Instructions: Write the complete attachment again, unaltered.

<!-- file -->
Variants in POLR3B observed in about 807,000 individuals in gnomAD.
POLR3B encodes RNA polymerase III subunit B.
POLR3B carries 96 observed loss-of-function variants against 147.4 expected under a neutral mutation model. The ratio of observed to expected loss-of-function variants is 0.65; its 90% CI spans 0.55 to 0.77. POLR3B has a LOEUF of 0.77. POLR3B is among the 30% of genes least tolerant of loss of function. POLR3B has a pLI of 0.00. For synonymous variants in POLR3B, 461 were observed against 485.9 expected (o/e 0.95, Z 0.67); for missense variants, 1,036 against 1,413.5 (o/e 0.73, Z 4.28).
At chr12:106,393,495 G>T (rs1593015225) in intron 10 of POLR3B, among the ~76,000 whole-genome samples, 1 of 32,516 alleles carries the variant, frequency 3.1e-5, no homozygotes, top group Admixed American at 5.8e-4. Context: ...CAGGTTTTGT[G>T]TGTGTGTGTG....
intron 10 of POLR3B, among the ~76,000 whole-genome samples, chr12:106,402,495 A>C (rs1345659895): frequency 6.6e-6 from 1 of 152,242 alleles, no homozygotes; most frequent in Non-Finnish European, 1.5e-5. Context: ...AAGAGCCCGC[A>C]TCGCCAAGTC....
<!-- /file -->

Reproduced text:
Variants in POLR3B observed in about 807,000 individuals in gnomAD.
POLR3B encodes RNA polymerase III subunit B.
POLR3B carries 96 observed loss-of-function variants against 147.4 expected under a neutral mutation model. The ratio of observed to expected loss-of-function variants is 0.65; its 90% CI spans 0.55 to 0.77. POLR3B has a LOEUF of 0.77. POLR3B is among the 30% of genes least tolerant of loss of function. POLR3B has a pLI of 0.00. For synonymous variants in POLR3B, 461 were observed against 485.9 expected (o/e 0.95, Z 0.67); for missense variants, 1,036 against 1,413.5 (o/e 0.73, Z 4.28).
At chr12:106,393,495 G>T (rs1593015225) in intron 10 of POLR3B, among the ~76,000 whole-genome samples, 1 of 32,516 alleles carries the variant, frequency 3.1e-5, no homozygotes, top group Admixed American at 5.8e-4. Context: ...CAGGTTTTGT[G>T]TGTGTGTGTG....
intron 10 of POLR3B, among the ~76,000 whole-genome samples, chr12:106,402,495 A>C (rs1345659895): frequency 6.6e-6 from 1 of 152,242 alleles, no homozygotes; most frequent in Non-Finnish European, 1.5e-5. Context: ...AAGAGCCCGC[A>C]TCGCCAAGTC....